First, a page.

Yahoo for Verizon: A soporific press release fails to inspire anyone

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Verizon bought Yahoo to combine with AOL and build an online media empire from cast-off spare parts. But its new management can’t seem to write a press release that’s credible, let alone run a media company anyone would visit on purpose. Here’s the logo for the new brand: Because apparently Verizon Media Group, formerly known … Continued

Some stuff that doesn’t matter and some stuff that does

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I was just thinking about what matters and what doesn’t matter, because, being human, we get it wrong a lot. It doesn’t matter whether the new Yahoo/AOL product from Verizon is called “Oath.” What matters is if Verizon can take a bunch of lame and aging properties and make them relevant again. If they don’t, … Continued

Cotton candy from Marissa Mayer at Yahoo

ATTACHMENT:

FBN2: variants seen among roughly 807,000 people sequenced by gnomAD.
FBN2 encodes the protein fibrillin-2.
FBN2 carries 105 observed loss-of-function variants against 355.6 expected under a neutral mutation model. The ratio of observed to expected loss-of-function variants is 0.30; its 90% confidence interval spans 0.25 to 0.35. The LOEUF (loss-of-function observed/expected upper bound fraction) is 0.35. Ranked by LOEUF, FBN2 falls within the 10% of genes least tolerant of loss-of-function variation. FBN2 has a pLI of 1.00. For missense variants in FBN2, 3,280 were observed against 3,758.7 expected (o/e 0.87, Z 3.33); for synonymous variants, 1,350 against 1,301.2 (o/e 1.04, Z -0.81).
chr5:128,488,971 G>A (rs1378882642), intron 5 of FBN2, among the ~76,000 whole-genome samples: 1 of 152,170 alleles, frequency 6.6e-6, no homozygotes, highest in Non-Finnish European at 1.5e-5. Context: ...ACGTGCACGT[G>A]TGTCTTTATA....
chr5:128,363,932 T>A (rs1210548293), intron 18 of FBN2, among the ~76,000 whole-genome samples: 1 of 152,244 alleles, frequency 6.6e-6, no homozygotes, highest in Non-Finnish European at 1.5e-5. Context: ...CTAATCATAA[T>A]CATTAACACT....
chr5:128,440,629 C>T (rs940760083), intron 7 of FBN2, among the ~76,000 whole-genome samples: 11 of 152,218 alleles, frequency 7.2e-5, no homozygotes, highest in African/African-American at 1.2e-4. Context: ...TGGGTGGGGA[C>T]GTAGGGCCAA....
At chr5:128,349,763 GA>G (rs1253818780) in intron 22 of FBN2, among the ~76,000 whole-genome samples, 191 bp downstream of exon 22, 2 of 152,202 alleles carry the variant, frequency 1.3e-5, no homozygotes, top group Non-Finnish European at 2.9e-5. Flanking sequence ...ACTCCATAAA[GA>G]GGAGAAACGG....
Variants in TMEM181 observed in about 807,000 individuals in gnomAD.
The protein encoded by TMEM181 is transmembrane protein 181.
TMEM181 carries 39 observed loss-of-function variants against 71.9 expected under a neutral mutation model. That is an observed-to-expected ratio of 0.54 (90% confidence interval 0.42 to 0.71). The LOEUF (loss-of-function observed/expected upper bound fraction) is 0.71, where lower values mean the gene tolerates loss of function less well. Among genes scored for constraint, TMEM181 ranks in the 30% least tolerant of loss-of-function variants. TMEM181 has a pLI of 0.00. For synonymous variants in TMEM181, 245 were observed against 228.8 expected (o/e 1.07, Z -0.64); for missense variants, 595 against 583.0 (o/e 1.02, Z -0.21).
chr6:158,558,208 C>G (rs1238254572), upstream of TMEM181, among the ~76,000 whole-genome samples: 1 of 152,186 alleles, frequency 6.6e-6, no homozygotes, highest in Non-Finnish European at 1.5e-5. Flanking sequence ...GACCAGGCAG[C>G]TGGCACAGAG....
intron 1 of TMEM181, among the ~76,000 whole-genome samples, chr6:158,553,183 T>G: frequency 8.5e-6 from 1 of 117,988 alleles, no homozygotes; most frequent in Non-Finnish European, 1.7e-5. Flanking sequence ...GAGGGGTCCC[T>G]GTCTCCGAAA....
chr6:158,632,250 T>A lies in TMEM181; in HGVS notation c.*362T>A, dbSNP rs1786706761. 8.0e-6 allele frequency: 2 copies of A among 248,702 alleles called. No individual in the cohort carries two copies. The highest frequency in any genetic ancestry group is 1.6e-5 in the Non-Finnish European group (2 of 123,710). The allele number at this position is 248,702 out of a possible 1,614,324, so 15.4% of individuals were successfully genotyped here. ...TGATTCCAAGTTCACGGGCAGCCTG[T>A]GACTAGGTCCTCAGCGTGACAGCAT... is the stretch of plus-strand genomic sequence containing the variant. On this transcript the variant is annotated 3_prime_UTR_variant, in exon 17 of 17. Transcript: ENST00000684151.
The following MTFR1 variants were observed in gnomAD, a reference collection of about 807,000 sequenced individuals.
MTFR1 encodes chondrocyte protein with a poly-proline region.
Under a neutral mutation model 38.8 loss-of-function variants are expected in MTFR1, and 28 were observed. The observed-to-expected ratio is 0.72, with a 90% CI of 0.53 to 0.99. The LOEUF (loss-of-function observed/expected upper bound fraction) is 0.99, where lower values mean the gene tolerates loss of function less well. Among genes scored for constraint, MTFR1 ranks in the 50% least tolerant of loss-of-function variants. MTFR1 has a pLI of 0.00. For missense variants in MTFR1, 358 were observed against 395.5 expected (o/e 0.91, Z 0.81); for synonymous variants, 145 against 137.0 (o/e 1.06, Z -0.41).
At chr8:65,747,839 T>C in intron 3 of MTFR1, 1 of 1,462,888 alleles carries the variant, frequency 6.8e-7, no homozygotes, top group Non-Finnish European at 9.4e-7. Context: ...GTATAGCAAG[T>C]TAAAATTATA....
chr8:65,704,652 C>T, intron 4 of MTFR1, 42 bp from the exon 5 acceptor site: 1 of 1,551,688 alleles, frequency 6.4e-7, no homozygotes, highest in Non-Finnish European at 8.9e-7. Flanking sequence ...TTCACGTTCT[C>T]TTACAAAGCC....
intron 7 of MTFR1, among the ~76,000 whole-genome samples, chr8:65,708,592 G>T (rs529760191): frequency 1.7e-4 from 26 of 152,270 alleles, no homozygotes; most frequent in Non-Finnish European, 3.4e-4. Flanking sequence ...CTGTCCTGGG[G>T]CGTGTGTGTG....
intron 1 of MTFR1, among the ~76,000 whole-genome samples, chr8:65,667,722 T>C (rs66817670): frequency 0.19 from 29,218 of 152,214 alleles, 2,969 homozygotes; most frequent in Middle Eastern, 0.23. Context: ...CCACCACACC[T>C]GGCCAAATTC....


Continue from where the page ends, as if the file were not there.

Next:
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Yahoo’s been on a downhill slide for years. Now they’ve sold the company to Verizon/AOL for $4.8 billion, a fraction of what it was once worth. But this is good news – just ask Yahoo CEO Marissa Mayer. Her email to employees reads like cotton candy — sweet, airy, and puffed up. Unlike the employee email I … Continued

The economics of cord-cutting at my house

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When I cut the cable cord, I did it to get more of what I wanted (speed), not to save money. The economics are reasonable, but the benefits are a lot better. My earlier post that described how I cut the cable cord was far more popular than I expected. Several of you asked about the actual … Continued

My cord cutting experience (and the bullshit that came with it)

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Last week I was a TV subscriber with a landline phone. Now I stream my TV and have much faster Internet. This transition was a lot harder than it sounded because service providers deceived me. Streaming your TV sounds like a simple idea. Our viewing is nearly all broadcast channels like Fox, premium channels like HBO, … Continued

Verizon just bought AOL’s “global multiscreen network platform”

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Holy cow. A phone company bought the original Internet content company. This has to have some broader significance. Look in the obligatory press release and you find . . . nothing. Except for some indigestible chunks of verbiage (thanks to Barak Kassar for pointing this out): . . . the combination of Verizon and AOL creates a … Continued